How do I teach context clues? How do my students use context clues? If you teach reading, you’ve probably wondered these questions about how to teach context clues.
You know that decoding word sounds is one of the major obstacles to reading fluency. You also know that there is another major obstacle…using context clues to decoding word meanings.
Vocabulary is a killer in reading comprehension. It is also one of the largest factors in creating strong readers. However, it is not enough to teach words. We have to make it simple to master!
In this post, you will discover these effective context clues strategies:
Here’s a simple lesson idea from flocabulary.com on how to teach context clues.
1. Ask if any students know the meanings of the words “gaunt,” “aloof,” “forlorn,” and “commercial vehicle.” Likely, none will. Tell them that you are going to reveal a powerful detective technique that will sometimes allow them to figure out what these words mean, as well as others, without ever looking at a dictionary.
2. Give out examples of those words in sentences. Review the definition of context clues. More on that in this post.
3. Explain that there are different types of context clues. Explain that students can use this tool in all of their reading. Explain that when the context-clue approach doesn’t work, students should either keep reading or look up the word in the dictionary. Work through examples with the class. Have students underline the part of the sentence that gives a clue, and then write out a definition. *Later in this post, I’ll share some context clues resource that are specifically designed for this type of practice.
Word meanings can be constructed from the clues before, within, and after the sentence with the unknown word. There are also clues within the word.
The context surrounding an unknown word can help a student understand its structure, how it’s used, and ultimately its meaning. Struggling readers need us to explicitly teach these concepts. With clear instruction, they can draw upon multiple approaches to determine word meanings.
Sound, evidence-based approaches such as direct instruction, spiral review, choice in reading materials, and varied interaction (including technology) with new words will help students learn to use context clues. There are several types of context clues that students must be able to identify:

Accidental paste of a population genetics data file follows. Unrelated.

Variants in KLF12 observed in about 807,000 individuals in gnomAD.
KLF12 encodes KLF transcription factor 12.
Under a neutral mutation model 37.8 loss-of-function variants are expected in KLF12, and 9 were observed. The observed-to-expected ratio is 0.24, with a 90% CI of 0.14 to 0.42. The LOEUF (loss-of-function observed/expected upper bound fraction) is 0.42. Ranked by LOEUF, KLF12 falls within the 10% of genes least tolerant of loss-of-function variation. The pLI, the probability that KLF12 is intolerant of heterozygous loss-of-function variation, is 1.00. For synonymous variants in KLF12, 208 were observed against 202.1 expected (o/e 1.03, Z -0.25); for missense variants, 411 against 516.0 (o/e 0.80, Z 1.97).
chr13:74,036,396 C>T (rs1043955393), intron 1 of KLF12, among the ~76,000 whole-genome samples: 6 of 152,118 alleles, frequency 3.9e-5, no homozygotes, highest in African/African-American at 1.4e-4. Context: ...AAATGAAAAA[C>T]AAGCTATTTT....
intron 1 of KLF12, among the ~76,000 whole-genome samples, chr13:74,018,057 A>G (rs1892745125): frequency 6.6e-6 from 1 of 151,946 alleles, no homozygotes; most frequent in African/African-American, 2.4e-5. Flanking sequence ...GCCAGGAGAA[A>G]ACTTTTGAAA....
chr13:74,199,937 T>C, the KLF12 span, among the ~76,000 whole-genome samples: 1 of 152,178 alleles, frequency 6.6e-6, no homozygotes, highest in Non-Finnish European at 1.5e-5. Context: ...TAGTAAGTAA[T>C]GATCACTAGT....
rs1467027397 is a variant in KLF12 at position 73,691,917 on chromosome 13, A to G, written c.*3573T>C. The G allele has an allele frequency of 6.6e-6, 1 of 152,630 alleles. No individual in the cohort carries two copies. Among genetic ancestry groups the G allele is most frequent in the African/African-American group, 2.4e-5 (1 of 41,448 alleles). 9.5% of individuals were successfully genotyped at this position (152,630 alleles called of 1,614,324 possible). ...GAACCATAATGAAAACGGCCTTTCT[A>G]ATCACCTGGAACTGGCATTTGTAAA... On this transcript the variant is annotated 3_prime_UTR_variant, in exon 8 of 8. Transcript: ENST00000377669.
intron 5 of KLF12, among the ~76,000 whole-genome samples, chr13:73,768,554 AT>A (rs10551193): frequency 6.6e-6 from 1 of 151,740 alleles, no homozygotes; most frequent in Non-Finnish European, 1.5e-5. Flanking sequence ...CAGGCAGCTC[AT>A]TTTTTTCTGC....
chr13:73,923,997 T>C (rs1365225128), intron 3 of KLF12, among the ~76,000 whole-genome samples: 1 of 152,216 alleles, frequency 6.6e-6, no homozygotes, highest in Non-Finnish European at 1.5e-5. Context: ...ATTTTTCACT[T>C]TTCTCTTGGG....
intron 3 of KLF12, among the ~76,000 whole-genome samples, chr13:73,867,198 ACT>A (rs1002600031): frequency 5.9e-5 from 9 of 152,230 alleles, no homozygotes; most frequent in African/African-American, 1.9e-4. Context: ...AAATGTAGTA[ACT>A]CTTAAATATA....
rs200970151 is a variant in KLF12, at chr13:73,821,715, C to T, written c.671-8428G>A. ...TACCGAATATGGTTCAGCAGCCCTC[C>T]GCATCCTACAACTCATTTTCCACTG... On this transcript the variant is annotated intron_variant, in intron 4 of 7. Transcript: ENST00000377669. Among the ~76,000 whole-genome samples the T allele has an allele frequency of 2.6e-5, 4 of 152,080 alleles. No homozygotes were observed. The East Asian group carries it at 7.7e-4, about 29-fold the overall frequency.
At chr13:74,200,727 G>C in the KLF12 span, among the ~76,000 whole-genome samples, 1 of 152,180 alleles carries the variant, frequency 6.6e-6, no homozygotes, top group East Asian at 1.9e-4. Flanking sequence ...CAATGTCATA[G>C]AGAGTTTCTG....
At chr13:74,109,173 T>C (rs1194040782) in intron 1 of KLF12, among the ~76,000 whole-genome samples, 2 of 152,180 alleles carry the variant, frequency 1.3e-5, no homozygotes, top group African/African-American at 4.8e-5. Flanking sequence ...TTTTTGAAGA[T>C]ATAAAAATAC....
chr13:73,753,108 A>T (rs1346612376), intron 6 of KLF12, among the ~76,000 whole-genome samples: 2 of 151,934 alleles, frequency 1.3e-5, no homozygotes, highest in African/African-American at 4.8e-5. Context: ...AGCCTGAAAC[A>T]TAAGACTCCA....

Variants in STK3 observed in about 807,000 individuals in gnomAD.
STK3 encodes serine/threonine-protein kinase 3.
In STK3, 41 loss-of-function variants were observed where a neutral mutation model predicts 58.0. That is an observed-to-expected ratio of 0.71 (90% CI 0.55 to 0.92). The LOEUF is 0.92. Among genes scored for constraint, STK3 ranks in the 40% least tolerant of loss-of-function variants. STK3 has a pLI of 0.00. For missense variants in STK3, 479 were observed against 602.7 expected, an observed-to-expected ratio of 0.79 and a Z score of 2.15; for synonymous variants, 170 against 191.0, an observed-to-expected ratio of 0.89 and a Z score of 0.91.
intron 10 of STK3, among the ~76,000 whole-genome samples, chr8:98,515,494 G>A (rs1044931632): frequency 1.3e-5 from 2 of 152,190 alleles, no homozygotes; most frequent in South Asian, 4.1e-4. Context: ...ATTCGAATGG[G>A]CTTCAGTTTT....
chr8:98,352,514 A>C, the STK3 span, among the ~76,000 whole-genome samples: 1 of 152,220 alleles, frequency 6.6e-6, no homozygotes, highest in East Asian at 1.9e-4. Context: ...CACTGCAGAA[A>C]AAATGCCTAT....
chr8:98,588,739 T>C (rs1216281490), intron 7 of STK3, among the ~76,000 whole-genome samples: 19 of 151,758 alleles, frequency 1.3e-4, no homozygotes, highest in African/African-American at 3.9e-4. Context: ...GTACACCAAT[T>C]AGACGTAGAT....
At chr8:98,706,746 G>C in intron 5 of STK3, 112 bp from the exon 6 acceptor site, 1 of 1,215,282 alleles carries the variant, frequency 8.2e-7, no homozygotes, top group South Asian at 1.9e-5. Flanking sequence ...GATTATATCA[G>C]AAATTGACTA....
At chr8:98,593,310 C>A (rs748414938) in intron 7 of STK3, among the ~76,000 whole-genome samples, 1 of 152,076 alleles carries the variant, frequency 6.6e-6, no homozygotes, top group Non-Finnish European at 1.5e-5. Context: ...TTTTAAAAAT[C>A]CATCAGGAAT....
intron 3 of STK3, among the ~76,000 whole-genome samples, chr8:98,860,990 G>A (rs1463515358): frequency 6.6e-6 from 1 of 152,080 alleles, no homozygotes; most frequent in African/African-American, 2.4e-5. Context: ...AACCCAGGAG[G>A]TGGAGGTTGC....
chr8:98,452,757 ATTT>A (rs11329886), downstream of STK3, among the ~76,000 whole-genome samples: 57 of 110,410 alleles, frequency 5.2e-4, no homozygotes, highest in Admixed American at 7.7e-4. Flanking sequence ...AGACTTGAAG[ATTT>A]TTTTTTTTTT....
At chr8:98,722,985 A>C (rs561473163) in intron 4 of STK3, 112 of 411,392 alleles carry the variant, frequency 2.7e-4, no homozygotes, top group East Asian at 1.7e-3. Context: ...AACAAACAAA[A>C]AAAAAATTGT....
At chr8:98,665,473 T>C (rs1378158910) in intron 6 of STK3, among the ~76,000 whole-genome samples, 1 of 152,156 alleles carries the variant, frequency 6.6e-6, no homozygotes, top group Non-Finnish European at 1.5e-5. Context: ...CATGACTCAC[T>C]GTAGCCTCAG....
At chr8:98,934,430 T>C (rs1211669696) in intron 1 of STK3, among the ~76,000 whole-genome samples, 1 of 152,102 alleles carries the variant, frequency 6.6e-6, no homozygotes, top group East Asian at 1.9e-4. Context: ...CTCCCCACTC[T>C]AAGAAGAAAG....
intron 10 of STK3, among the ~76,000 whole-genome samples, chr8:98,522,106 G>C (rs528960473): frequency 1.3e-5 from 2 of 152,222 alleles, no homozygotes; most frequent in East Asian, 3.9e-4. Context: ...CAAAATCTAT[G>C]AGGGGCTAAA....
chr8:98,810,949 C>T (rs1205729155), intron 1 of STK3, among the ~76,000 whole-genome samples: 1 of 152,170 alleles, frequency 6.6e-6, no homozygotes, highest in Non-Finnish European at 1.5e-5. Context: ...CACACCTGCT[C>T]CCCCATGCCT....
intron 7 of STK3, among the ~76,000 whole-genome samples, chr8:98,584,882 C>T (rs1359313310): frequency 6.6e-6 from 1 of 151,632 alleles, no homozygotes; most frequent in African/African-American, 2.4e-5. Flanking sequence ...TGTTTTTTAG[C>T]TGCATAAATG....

It’s not enough to teach context clues or to provide practice worksheets. Students need quality practice with resources that amount to more than a worksheet. Scavenger hunts (like this one for text features) and task cards are designed for student engagement.
Students also need practice with more support and intentional scaffolding (Read more about the effects of too little and too much Scaffolding) than just a book.
Scaffolding provides students with just enough support as they struggle through learning context clues. And yes, they should be allowed to struggle through it. The struggle is the mental processing that makes learning stick. But they shouldn’t struggle without scaffolding.
Short texts allow students to finish the reading process, apply their skills, and receive feedback. Context clues task cards that are written at a higher reading level than students’ independent ranges are perfect.
For 1st-2nd grade, students should be practicing with segmented texts at reading levels 3-5. A shared reading is the ideal instructional format because the teacher shares the decoding responsibility with the students, but they carry the responsibility of comprehension.
In grades 3-6, students should also be reading context clues task cards written at levels 5-8. Why? The texts bring the challenge, yet the segmenting and targeted questioning provide the scaffolding.
A properly prepared context clues task card will provide plenty of complex text that reaches across different curriculum areas. Students receive the additional benefit of building content area background knowledge.
Make practice meaningful by applying context clues strategies in poetry, fiction, and interpreting figurative language. Poetry is perfect for practice because of the context clues are concise.
Context clues in fictional texts are different than those in informational texts. Figurative language (similes, metaphors, idioms) provide an additional challenge because of the amount of interpreting needed.
If you continue to use segmented texts in resources like task cards, students will be able to focus on context.
Less cognitive load is dedicated to maintaining meaning across a longer text. The shorter text opens working memory. Working memory is devoted to the skill of using context clues.
We offer task cards that address a variety of genres and types of context clues for grades2-6.
If you're looking for context clues resources, we've designed a mega set of task cards, tested them in dozens of classrooms, and packaged them for you!
Here's what other teachers say.
These were absolutely amazing with STAAR prep. It made STAAR prep more engaging and fun.
Jessica S. // Aug. 2, 2018
Great product! Used for review and my students loved it.
Dwan J. // Jun. 24, 2018
What's in the Context Clues Mega Bundle?
Context Clues Task Cards Mega Bundle is 86 task cards for:
It's a mega set of all multiple choice ,quick-to-use, no prep, and rigorous segmented texts!
It includes expository, content-area, informational, poetry, and other genres are included to help students better use context clues! Great for STAAR review, and it's CCSS aligned.